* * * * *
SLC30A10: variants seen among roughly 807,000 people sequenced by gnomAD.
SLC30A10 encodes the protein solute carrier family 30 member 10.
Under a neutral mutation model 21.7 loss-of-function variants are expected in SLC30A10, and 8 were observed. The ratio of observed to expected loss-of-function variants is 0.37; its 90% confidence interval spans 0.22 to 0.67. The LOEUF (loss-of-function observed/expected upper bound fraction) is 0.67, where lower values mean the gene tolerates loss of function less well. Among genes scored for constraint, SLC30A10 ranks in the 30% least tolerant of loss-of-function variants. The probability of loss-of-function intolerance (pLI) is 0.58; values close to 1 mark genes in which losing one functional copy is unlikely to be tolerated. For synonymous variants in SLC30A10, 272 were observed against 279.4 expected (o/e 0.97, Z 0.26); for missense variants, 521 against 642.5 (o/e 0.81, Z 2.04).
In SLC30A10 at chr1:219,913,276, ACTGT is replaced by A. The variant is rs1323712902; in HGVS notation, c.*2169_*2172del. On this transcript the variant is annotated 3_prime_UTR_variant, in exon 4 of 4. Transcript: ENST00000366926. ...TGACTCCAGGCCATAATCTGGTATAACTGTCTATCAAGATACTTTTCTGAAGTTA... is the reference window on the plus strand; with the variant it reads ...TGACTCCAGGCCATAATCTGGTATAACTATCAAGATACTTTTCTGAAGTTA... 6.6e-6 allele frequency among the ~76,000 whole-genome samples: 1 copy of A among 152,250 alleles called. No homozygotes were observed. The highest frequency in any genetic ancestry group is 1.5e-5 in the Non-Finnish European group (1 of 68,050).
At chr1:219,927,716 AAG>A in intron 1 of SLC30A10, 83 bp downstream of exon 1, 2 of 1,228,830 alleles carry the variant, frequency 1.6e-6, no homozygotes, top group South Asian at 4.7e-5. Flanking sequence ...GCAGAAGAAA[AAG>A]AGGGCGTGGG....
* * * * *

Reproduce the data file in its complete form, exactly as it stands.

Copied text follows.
SLC30A10: variants seen among roughly 807,000 people sequenced by gnomAD.
SLC30A10 encodes the protein solute carrier family 30 member 10.
Under a neutral mutation model 21.7 loss-of-function variants are expected in SLC30A10, and 8 were observed. The ratio of observed to expected loss-of-function variants is 0.37; its 90% confidence interval spans 0.22 to 0.67. The LOEUF (loss-of-function observed/expected upper bound fraction) is 0.67, where lower values mean the gene tolerates loss of function less well. Among genes scored for constraint, SLC30A10 ranks in the 30% least tolerant of loss-of-function variants. The probability of loss-of-function intolerance (pLI) is 0.58; values close to 1 mark genes in which losing one functional copy is unlikely to be tolerated. For synonymous variants in SLC30A10, 272 were observed against 279.4 expected (o/e 0.97, Z 0.26); for missense variants, 521 against 642.5 (o/e 0.81, Z 2.04).
In SLC30A10 at chr1:219,913,276, ACTGT is replaced by A. The variant is rs1323712902; in HGVS notation, c.*2169_*2172del. On this transcript the variant is annotated 3_prime_UTR_variant, in exon 4 of 4. Transcript: ENST00000366926. ...TGACTCCAGGCCATAATCTGGTATAACTGTCTATCAAGATACTTTTCTGAAGTTA... is the reference window on the plus strand; with the variant it reads ...TGACTCCAGGCCATAATCTGGTATAACTATCAAGATACTTTTCTGAAGTTA... 6.6e-6 allele frequency among the ~76,000 whole-genome samples: 1 copy of A among 152,250 alleles called. No homozygotes were observed. The highest frequency in any genetic ancestry group is 1.5e-5 in the Non-Finnish European group (1 of 68,050).
At chr1:219,927,716 AAG>A in intron 1 of SLC30A10, 83 bp downstream of exon 1, 2 of 1,228,830 alleles carry the variant, frequency 1.6e-6, no homozygotes, top group South Asian at 4.7e-5. Flanking sequence ...GCAGAAGAAA[AAG>A]AGGGCGTGGG....